Catholic schools have a responsibility to empower pupils with the confidence to get involved in climate action, according to a Dublin teacher involved in an upcoming ‘climate strike’.
Thousands of children across Ireland will be skipping school on Friday, March 15, as part of a global day of action pressuring governments to act against climate change.
Peter Fitzgerald from St Joseph’s College in Lucan says school management fully supports the initiative, and with permission slips signed by parents, the students are now gearing up to strike outside Leinster house.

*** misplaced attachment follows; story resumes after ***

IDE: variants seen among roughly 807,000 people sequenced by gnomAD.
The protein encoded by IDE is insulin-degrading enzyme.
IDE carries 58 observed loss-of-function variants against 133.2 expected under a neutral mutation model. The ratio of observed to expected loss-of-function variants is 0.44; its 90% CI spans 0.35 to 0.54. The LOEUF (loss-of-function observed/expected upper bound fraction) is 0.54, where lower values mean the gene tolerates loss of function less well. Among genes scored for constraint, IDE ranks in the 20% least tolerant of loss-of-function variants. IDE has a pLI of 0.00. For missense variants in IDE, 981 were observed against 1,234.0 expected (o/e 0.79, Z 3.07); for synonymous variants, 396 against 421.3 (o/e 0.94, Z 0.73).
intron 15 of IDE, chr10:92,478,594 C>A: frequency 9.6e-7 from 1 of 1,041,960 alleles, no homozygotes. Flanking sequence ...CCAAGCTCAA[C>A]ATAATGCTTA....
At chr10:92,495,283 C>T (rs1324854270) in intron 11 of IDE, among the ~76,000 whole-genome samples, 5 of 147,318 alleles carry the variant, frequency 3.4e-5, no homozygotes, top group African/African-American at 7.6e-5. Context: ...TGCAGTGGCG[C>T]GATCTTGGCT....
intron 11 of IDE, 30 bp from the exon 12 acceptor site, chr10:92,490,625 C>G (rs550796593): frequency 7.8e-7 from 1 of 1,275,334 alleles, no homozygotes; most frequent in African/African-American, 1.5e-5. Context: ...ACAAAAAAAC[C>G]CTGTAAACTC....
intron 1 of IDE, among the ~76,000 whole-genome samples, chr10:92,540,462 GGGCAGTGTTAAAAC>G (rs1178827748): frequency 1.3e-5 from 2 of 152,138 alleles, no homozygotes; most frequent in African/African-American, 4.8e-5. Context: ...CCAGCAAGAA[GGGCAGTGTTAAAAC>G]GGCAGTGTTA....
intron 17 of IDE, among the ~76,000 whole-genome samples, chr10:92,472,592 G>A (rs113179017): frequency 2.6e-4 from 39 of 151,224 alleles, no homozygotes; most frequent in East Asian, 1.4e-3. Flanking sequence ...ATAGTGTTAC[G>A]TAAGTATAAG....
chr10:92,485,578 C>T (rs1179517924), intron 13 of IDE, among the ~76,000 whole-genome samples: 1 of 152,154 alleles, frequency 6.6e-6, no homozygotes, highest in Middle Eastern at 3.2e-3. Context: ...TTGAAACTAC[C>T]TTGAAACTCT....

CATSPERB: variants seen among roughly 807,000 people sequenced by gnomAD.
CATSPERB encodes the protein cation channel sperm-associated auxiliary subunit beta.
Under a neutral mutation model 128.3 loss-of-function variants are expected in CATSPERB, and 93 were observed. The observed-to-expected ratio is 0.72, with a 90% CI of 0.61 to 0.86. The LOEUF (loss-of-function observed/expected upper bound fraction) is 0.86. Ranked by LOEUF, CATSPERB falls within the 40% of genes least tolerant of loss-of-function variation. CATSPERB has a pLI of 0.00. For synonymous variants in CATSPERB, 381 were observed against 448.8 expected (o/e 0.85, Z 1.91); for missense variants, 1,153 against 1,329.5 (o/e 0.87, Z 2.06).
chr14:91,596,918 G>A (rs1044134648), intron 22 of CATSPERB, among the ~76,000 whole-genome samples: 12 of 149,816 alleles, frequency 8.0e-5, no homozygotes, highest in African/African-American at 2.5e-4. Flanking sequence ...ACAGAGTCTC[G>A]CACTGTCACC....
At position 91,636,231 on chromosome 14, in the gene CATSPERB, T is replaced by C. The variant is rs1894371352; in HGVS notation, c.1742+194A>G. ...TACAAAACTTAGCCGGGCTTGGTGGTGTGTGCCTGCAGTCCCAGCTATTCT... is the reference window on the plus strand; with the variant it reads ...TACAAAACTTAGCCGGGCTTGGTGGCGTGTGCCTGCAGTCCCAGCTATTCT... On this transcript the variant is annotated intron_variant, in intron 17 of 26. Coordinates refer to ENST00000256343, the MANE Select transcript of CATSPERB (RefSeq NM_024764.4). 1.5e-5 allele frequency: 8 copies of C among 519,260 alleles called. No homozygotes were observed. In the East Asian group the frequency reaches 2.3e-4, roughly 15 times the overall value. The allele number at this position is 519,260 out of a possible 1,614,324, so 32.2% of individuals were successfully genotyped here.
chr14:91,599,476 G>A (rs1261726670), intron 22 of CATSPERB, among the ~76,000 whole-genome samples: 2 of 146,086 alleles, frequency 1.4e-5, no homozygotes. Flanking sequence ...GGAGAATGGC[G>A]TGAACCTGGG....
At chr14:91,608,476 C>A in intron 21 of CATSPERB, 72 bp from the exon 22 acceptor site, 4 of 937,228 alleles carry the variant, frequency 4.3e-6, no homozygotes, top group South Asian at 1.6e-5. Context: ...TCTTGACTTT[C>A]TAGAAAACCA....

The business, accounting, economics and LCVP teacher said he is encouraging other schools to get involved. “As a teacher it is wonderful to see the students enthusiastic and engaged with real world issues that will impact their future,” he said.
“As a Catholic school it is vitally important that we encourage students to look after the planet that we have been given.”
Europe has been flooded by the new youth movement popularised by Greta Thunberg (16), a Swedish activist who made waves after speaking at the UN Climate Change COP24 conference, and staged a lone climate action protest at the Swedish parliament during school hours.
Mr Fitzgerald said his school has always been “very proactive” in relation to the environment with students taking a lead role in initiatives such as protecting the Irish Boglands, The Bees Need Trees, or the Green Schools Committee.